Their Dad goes to the mantelpiece, takes down Harry’s list and with his pen crosses out every tick in the ‘Good’ column. Then he adds twenty one crosses to the ‘Bad’ column. Ten for the ‘fuck’. Ten for the hit. And one for the raspberry.
That night, Harry can’t sleep. In previous years it was the excitement that kept him awake. This year, however, something else is bothering him.
He only knows he’s fallen asleep when a noise wakes him up. It’s a loud crash followed by a loud ‘fuck!’ and it comes from the landing.
Harry gets out of bed and tiptoes to the door. He peers out.
On the landing floor is a pile of presents. A step ladder rests against the open trap door leading to the loft. And there, lying at the bottom of the ladder beside the pile of presents, is his Dad.
Harry darts back behind the door. He hears his Dad moan. Then he hears the loft door shut and footsteps going downstairs.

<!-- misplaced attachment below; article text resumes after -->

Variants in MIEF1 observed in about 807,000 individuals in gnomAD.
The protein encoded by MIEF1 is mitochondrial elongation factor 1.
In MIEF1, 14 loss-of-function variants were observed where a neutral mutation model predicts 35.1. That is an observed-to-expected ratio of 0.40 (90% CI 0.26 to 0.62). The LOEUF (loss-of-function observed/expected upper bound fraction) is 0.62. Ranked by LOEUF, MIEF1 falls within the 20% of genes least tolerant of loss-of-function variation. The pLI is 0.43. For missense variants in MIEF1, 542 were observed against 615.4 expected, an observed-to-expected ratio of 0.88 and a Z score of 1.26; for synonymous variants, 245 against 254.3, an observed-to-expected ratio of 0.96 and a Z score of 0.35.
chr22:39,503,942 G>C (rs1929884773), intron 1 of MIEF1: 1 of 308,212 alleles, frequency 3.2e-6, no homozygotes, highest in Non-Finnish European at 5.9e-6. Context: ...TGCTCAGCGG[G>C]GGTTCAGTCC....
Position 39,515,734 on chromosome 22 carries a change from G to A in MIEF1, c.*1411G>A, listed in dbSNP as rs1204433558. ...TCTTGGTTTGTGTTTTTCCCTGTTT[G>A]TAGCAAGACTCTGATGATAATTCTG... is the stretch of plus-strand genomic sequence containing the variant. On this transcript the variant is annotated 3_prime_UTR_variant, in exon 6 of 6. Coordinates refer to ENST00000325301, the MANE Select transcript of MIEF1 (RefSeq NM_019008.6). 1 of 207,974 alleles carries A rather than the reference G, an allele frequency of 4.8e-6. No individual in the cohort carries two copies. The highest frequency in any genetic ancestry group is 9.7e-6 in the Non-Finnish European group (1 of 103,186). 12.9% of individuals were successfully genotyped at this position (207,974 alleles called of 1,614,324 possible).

Harry tiptoes out of his room. He goes down the stairs one at a time and edges to the living room door. Slowly, carefully, he pokes his head round.
And there is his Dad. He’s taking presents out of a bag and leaving them in two piles in front of the fireplace.
Harry watches as his Dad goes to the mantelpiece and takes down the two lists. He puts them in his pocket and reaches for the mince pie. He takes a bite, puts the half-eaten mince pie back on the plate, and then lifts the glass of whisky. He downs it in one.
Harry tiptoes back upstairs and gets into bed. He thinks about waking his sister to tell her about what he’s seen, but decides against it. Remembering the Christmas mornings when he and Catherine would run downstairs together to see what Santa had brought them, he suddenly feels sad and alone—as if he’s just lost something or someone has died.
As he tries to get to sleep, the Bruce Springsteen song runs through his head. and he desperately wonders whether, despite all the evidence to the contrary, Santa Claus might still be coming to town.
There’s a tiny little bit of him that hopes he is. If not for his sake, then for his little sister’s.